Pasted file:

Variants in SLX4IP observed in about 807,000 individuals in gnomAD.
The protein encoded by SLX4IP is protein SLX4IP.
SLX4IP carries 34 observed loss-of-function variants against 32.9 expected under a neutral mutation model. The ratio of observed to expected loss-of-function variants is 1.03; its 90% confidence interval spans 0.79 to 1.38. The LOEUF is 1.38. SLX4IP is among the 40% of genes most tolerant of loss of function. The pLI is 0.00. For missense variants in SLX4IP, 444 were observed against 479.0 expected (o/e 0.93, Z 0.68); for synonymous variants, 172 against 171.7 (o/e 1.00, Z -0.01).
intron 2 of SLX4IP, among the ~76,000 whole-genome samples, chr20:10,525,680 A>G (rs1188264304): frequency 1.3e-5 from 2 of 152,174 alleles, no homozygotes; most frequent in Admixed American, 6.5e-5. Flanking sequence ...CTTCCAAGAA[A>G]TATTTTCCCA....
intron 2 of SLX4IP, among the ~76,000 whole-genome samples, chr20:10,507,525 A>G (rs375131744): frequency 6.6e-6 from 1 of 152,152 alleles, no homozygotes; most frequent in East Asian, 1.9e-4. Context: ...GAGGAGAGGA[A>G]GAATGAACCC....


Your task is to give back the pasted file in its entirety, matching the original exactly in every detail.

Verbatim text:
Variants in SLX4IP observed in about 807,000 individuals in gnomAD.
The protein encoded by SLX4IP is protein SLX4IP.
SLX4IP carries 34 observed loss-of-function variants against 32.9 expected under a neutral mutation model. The ratio of observed to expected loss-of-function variants is 1.03; its 90% confidence interval spans 0.79 to 1.38. The LOEUF is 1.38. SLX4IP is among the 40% of genes most tolerant of loss of function. The pLI is 0.00. For missense variants in SLX4IP, 444 were observed against 479.0 expected (o/e 0.93, Z 0.68); for synonymous variants, 172 against 171.7 (o/e 1.00, Z -0.01).
intron 2 of SLX4IP, among the ~76,000 whole-genome samples, chr20:10,525,680 A>G (rs1188264304): frequency 1.3e-5 from 2 of 152,174 alleles, no homozygotes; most frequent in Admixed American, 6.5e-5. Flanking sequence ...CTTCCAAGAA[A>G]TATTTTCCCA....
intron 2 of SLX4IP, among the ~76,000 whole-genome samples, chr20:10,507,525 A>G (rs375131744): frequency 6.6e-6 from 1 of 152,152 alleles, no homozygotes; most frequent in East Asian, 1.9e-4. Context: ...GAGGAGAGGA[A>G]GAATGAACCC....